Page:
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The diagnosis and treatment of breast cancer can result in an array of late cancer-specific side effects and changes in general well-being. Research has focused on Caucasian samples, limiting our understanding of the unique health-related quality of life outcomes of African American breast cancer survivors (BCS). Even when African American BCS have been targeted, research is limited by small samples and failure to include comparisons of peers without a history of breast cancer.
The purpose of this study was to compare health-related quality of life of African American women BCS to African American women with no history of breast cancer (control group).
A total of 140 women (62 BCS and 78 control), ages 18 years or older and 2–10 years post-diagnosis, was recruited from a breast cancer clinic and cancer support groups. Participants provided informed consent and completed a one-time survey based on Brenner’s (1995) proximal-distal health-related quality of life model.
After adjusting for age, education, income, and body mass index, African American BCS experienced more fatigue (p=0.001), worse hot flashes (p<0.001) and worse sleep quality (p<0.001), but more social support from their partner (p=0.028) and more positive change (p=0.001) compared to African American women controls.
Our results suggest that African American women BCS may experience unique health-related outcomes that transcend age, education, socio-economic status and body mass index.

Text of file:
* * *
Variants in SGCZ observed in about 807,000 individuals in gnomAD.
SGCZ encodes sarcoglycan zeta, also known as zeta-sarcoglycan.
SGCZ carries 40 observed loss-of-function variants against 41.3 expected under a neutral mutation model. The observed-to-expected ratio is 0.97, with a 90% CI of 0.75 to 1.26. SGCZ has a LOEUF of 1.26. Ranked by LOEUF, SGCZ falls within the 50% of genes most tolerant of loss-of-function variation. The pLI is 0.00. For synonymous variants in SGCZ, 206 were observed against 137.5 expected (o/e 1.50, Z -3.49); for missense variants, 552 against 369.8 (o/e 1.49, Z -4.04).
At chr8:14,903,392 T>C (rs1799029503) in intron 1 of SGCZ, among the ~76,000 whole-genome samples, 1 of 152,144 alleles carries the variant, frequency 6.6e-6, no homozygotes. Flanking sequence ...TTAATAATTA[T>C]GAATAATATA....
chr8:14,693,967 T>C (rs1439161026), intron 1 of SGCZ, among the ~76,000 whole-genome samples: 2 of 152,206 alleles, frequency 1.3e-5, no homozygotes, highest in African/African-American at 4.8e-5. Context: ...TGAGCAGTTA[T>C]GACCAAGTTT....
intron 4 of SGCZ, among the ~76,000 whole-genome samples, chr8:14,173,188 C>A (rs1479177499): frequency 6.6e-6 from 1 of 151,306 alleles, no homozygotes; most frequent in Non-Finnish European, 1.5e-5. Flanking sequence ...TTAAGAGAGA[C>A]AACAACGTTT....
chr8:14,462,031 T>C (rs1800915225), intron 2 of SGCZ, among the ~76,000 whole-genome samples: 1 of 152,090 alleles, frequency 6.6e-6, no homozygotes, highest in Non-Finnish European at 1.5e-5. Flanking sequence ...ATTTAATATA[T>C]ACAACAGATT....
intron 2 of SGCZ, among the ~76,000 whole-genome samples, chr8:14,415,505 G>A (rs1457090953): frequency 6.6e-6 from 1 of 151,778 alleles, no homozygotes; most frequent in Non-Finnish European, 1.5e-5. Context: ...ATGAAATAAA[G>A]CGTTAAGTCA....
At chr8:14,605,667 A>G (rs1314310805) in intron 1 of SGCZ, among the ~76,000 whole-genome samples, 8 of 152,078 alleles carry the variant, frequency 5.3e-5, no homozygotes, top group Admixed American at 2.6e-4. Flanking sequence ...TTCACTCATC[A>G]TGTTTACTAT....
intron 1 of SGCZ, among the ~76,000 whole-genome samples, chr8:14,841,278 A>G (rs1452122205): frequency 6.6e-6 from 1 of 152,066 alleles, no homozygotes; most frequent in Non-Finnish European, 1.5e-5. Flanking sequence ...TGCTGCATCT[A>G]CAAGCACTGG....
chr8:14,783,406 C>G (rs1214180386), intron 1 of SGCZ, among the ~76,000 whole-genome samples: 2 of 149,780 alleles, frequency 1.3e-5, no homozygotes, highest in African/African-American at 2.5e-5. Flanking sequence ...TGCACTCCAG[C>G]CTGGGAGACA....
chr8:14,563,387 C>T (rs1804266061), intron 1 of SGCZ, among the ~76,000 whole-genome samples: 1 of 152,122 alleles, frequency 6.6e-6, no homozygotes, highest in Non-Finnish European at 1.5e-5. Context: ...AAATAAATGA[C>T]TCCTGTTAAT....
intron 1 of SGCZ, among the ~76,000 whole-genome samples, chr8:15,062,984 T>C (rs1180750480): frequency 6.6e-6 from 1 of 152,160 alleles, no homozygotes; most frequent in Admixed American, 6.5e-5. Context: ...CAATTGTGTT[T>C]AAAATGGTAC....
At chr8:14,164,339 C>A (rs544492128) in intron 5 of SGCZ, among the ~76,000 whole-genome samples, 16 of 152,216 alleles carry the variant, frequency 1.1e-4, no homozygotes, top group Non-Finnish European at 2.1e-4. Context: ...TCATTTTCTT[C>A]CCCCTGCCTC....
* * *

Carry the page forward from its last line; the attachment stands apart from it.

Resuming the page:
Findings suggest the importance of understanding the survivorship experience for particular racial and ethnic subgroups to proactively assess difficulties and plan interventions.
African American BCS may experience an array of late cancer-specific side effects, disruption in general physical and mental functioning, fluctuating affective states, and changes in life satisfaction. In a previous comprehensive review of the literature, findings from 26 qualitative and quantitative descriptive studies were synthesized to summarize what is known regarding the health-related quality of life of African American BCS.1 Based on this review, some consistent patterns in quality of life deficits were noted (e.g., treatment-related physical symptom distress), as well as favorable aspects of quality of life that occurred toward the distal end of the health-related quality of life continuum (e.g., heightened spirituality, positive growth, and overall well-being) when comparing African American BCS to survivors of other racial and ethnic backgrounds. This work demonstrated the importance of evaluating health-related quality of life outcomes across a continuum from proximal (disease-specific functioning) to global (overall well-being). A limitation noted in the existing literature was that most studies did not include a race-matched comparison group of women without breast cancer. Some studies did not include any comparison group and others used non-African American women for comparison. Because African American women without cancer represent the strongest comparison group for African American women with breast cancer, it is important to compare health-related quality of life in these two groups.
The purpose of this study was to determine whether health-related quality of life differed between African American women with and without a history of breast cancer. The specific aim was to compare African American breast cancer survivors (BCS) to African American women with no history of breast cancer on disease-specific, generic, and global quality of life measures. Based on previous research,1 the study hypothesis was that African American BCS would have greater psychological and physical functioning concerns, but similar generic and global well-being relative to African American women with no history of breast cancer.